Saturday, 14 July 2012
When shoddy research is supposed to justify policy
There has been plenty of debate about why Germans are presumably unwilling to bail out other European countries in the Eurozone. And the German government has found itself increasingly under pressure to grant so-called Eurobonds, a financial instrument issued by the European Central Bank which in effect spreads responsibility for public debt in one country amongst all other countries in the Eurozone. Since many countries have amassed enormous public debt that they simply cannot service at this time, underwriting their national debts means nothing less than asking the German taxpayer to pay for the profligacy of other European nations.
Now observers often note that Germans reject Eurobonds because they are afraid of inflation, a sentiment that is rooted in the painful experience of hyperinflation between 1920-23 in Weimar Germany. The Pew Center has now published some polling data that appear to show that Germans are willing to strike a more balanced approach, allowing some inflation in return for growth in the European economy. However, once you drill down into the results, the findings are not as robust as they may think. Here is what the Pew Center asked Germans in the polling what they are most concerned about (rank in order), offering respondents various options. The researchers from Pew found that ‘Germans are more concerned about unemployment (70% say it is a major threat) than they are about inflation (56%). Among the European nations ..., the Germans are the least fearful of rising prices’.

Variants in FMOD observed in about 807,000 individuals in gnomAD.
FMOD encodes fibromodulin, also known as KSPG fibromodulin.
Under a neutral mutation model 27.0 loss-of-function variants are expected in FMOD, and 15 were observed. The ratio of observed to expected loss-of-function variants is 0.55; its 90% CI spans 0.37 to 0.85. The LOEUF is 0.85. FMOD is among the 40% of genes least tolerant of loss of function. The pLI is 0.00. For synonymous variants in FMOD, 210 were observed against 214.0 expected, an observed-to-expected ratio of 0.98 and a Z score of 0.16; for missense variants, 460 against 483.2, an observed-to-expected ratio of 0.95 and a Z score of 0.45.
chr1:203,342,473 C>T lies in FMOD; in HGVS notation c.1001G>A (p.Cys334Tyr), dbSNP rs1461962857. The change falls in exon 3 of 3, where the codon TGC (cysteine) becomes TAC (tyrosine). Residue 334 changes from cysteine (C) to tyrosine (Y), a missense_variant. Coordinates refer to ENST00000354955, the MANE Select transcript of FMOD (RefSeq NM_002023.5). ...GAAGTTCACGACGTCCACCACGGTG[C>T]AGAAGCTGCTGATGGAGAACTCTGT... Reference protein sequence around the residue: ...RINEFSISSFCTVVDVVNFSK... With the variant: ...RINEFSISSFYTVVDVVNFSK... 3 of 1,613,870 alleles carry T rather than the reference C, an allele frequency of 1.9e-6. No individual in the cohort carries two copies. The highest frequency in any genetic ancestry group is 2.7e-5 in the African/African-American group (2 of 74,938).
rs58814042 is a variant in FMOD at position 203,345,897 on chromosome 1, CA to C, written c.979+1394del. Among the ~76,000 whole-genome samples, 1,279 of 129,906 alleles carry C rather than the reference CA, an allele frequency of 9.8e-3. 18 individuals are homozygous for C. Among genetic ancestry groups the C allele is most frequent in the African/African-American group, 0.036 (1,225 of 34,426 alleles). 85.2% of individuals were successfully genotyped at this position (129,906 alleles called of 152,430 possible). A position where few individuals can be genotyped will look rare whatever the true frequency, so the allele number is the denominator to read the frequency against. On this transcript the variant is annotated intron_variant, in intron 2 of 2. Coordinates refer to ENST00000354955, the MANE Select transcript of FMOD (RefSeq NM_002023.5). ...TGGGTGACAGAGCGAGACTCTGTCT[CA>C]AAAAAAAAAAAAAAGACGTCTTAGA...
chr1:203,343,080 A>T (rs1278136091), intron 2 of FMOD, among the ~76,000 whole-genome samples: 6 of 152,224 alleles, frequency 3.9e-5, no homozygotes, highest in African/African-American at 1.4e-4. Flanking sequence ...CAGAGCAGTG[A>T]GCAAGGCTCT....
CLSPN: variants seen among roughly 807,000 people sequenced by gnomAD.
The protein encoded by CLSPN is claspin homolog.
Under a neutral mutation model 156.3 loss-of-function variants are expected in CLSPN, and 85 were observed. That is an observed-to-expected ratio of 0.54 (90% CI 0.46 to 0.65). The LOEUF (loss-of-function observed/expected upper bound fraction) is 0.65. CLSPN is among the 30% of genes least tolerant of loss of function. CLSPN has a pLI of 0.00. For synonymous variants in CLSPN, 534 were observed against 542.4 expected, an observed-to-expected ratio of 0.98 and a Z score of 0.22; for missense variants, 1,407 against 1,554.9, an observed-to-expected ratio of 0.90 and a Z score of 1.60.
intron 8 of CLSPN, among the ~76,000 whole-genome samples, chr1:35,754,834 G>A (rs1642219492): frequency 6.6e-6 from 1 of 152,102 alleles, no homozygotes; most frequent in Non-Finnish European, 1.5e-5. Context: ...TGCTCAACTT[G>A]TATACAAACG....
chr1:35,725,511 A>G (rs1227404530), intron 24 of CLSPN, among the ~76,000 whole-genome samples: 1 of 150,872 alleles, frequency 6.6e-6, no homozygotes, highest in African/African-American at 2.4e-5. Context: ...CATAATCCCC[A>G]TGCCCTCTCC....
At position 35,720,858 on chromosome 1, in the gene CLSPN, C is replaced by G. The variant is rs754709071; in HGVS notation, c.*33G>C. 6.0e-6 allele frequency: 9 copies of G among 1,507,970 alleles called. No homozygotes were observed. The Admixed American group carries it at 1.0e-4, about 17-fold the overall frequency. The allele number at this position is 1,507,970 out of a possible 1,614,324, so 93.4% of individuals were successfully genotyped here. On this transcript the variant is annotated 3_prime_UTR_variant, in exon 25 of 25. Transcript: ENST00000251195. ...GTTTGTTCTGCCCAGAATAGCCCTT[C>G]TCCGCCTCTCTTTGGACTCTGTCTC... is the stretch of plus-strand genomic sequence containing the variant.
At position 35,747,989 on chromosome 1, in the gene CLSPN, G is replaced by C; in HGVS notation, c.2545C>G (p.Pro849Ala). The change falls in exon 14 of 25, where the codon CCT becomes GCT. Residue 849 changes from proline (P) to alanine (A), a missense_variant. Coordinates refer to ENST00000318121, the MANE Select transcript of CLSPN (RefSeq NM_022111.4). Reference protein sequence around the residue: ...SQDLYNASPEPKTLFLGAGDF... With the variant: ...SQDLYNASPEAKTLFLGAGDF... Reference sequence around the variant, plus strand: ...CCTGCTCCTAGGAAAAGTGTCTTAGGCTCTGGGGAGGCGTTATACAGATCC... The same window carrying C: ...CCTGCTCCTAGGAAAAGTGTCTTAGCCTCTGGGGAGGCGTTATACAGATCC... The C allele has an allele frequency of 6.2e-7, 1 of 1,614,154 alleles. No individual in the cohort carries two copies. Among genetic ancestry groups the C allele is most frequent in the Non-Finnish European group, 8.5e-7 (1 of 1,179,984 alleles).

They conclude that this may give Angela Merkel some room for manoeuvre and possibly support Eurobonds. But not so fast! Looking at the polling again, it seems that the researchers from Pew confuse a snapshot of German attitudes with their attitudes under conditions of future change.
In other words, Germans may currently not be concerned about inflation exactly because they know that Angela Merkel stands fast and would not allow the European Central Bank to issue Eurobonds. If you wanted to know what Germans think about the danger of inflation once Eurobonds have been introduced, you would have to ask exactly that. So, it seems that it is the certainty with which the German government has conducted itself in the face of pressure that allows Germans to fear inflation less than unemployment.